Penn Medicine outpatient practices in New Jersey successfully implemented electronic medical record best practice alerts to ensure clinicians complied with a state law limiting opioid prescriptions.
Thanks to a “nudge” introduced into the EMR, clinicians at New Jersey ambulatory practices were notified if that limit had been reached. Researchers found that the total amount of opioids dispensed per new opioid prescription decreased significantly compared to prescriptions in Pennsylvania practices, which served as the control group in a study.
“Implementation of a prescribing limit and EMR alert was associated with an approximately 22 percent greater decrease in opioid dose per new prescription in NJ compared with controls in PA,” according to a study published online on Friday in the Journal of General Internal Medicine.
In 2017, New Jersey passed a law that limited new opioid prescriptions to a five-day supply for patients who had not been on opioids for over a year prior. While Pennsylvania currently has a seven-day limit, it doesn’t apply to all care settings, including outpatient clinical practices.
To aid compliance with the New Jersey law, Penn created an EMR best practice alert in the state’s clinical practices notifying prescribers if new opioid prescriptions exceeded the five-day limit. In those instances, prescribers were required to make an active choice to acknowledge the alert before continuing with the original order or adjusting the prescribed quantity to comply with the law.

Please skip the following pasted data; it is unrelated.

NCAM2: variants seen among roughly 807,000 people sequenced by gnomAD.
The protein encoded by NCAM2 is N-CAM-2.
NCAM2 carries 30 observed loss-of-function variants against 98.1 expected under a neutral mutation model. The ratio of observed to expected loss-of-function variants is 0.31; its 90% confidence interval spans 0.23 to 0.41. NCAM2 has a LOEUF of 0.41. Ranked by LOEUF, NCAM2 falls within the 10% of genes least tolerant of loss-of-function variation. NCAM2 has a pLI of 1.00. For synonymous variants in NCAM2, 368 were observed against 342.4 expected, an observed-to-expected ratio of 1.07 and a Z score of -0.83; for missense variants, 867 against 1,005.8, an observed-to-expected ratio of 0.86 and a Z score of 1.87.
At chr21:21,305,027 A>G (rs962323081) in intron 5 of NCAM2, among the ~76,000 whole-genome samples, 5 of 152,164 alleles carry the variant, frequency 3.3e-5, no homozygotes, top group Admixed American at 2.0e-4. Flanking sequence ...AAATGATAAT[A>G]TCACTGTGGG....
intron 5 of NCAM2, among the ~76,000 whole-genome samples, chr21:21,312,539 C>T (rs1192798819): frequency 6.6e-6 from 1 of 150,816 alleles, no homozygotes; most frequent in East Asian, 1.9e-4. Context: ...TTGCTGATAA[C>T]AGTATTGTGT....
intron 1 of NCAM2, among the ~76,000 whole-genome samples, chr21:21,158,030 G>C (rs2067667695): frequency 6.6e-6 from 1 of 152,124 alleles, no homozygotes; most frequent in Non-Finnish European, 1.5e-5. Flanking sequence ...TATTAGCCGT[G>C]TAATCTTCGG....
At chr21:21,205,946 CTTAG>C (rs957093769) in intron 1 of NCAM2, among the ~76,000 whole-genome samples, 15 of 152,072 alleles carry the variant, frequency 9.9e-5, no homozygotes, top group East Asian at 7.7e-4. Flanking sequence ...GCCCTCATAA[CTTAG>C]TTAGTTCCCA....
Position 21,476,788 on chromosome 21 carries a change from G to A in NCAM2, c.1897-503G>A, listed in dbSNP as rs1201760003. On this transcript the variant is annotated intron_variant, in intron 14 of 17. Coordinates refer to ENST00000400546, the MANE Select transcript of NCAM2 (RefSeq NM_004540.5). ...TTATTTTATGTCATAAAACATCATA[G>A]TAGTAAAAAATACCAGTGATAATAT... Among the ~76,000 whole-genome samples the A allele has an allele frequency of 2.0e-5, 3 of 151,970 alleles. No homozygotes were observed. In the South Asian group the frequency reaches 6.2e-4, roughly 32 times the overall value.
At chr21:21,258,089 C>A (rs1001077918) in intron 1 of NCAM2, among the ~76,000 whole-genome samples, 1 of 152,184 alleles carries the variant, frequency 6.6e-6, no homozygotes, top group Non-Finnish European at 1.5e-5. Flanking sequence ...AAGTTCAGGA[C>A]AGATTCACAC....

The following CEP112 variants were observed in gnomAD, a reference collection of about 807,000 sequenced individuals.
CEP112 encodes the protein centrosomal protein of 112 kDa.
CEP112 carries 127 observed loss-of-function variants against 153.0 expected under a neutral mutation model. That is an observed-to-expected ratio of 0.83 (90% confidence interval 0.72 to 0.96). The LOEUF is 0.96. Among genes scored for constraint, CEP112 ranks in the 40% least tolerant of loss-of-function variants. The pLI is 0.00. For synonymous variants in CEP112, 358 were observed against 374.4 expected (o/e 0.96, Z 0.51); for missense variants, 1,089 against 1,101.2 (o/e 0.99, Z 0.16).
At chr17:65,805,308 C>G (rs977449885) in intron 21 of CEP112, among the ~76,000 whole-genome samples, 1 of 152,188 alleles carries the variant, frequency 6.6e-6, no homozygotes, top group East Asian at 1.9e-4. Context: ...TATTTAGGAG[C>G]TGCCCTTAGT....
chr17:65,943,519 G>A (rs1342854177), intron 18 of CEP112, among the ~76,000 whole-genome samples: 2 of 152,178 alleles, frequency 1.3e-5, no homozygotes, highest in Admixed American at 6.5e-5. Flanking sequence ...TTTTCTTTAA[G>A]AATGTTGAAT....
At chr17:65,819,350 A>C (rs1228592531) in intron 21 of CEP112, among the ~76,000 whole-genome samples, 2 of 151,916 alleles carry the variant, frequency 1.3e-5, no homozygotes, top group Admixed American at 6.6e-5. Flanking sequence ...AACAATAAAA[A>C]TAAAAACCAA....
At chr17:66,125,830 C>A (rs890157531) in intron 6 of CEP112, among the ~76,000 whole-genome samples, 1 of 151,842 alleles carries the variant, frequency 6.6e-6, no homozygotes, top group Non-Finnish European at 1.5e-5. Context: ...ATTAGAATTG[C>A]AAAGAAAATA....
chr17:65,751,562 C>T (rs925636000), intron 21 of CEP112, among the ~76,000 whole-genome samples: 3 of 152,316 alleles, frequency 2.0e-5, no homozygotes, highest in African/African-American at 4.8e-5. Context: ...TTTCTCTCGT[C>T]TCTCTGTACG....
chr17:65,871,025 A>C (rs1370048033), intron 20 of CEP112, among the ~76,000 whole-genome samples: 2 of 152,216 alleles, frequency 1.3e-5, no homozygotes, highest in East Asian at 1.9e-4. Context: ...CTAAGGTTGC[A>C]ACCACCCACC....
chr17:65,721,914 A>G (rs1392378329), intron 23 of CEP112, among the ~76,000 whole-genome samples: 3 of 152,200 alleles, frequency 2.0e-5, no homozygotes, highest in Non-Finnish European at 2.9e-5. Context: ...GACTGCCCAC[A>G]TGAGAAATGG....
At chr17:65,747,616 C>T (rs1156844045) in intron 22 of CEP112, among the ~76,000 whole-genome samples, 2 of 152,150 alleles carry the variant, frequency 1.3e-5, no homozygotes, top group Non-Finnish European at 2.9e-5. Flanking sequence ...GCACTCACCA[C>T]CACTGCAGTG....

“Our study provides early evidence that this type of on-the-ground approach from a health system driven by a state law can be an effective strategy to influence prescribing behavior and safely reduce the amount of new opioid prescriptions given to patients with acute pain,” says first author Margaret Lowenstein, MD, a general internist and National Clinician Scholar at the University of Pennsylvania’s Perelman School of Medicine.
“Importantly, we didn’t see any ill effects in the short term, like early refills or an increase in telephone calls or hospital visits, that might suggest inadequate pain control or delayed recoveries in patients,” adds Lowenstein.